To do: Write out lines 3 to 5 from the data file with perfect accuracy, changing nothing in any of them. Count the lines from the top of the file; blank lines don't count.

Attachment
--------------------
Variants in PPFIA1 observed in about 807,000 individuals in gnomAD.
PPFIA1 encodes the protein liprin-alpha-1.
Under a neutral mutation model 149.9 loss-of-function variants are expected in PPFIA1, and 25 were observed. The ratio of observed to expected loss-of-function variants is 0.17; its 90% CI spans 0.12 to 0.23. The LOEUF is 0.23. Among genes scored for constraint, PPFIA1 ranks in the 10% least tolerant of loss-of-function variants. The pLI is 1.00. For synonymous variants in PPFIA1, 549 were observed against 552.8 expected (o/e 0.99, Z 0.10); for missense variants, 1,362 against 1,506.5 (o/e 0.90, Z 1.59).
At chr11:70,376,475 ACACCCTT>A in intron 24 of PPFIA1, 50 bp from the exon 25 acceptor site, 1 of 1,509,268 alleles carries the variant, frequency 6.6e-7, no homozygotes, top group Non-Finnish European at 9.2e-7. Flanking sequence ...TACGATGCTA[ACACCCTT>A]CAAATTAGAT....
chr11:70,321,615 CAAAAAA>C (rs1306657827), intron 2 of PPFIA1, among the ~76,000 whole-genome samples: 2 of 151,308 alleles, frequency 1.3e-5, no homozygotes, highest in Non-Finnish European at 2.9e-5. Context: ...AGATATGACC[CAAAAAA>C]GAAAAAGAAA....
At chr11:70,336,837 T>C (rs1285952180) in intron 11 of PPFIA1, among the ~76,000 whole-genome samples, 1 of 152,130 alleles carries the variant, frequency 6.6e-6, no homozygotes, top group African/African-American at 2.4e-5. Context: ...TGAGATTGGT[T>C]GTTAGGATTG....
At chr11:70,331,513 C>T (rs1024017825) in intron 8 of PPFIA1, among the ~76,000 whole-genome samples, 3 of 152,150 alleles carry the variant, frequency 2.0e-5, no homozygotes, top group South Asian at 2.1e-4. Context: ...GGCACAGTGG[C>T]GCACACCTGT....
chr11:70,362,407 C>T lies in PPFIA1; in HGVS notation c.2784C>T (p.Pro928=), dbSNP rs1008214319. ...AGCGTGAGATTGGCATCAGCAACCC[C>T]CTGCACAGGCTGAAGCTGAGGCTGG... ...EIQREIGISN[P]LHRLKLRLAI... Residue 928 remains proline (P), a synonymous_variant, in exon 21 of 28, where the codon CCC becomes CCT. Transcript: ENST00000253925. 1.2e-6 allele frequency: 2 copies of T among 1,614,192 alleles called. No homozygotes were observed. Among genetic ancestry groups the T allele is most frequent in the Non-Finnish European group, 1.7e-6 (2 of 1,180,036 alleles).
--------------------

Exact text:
Under a neutral mutation model 149.9 loss-of-function variants are expected in PPFIA1, and 25 were observed. The ratio of observed to expected loss-of-function variants is 0.17; its 90% CI spans 0.12 to 0.23. The LOEUF is 0.23. Among genes scored for constraint, PPFIA1 ranks in the 10% least tolerant of loss-of-function variants. The pLI is 1.00. For synonymous variants in PPFIA1, 549 were observed against 552.8 expected (o/e 0.99, Z 0.10); for missense variants, 1,362 against 1,506.5 (o/e 0.90, Z 1.59).
At chr11:70,376,475 ACACCCTT>A in intron 24 of PPFIA1, 50 bp from the exon 25 acceptor site, 1 of 1,509,268 alleles carries the variant, frequency 6.6e-7, no homozygotes, top group Non-Finnish European at 9.2e-7. Flanking sequence ...TACGATGCTA[ACACCCTT>A]CAAATTAGAT....
chr11:70,321,615 CAAAAAA>C (rs1306657827), intron 2 of PPFIA1, among the ~76,000 whole-genome samples: 2 of 151,308 alleles, frequency 1.3e-5, no homozygotes, highest in Non-Finnish European at 2.9e-5. Context: ...AGATATGACC[CAAAAAA>C]GAAAAAGAAA....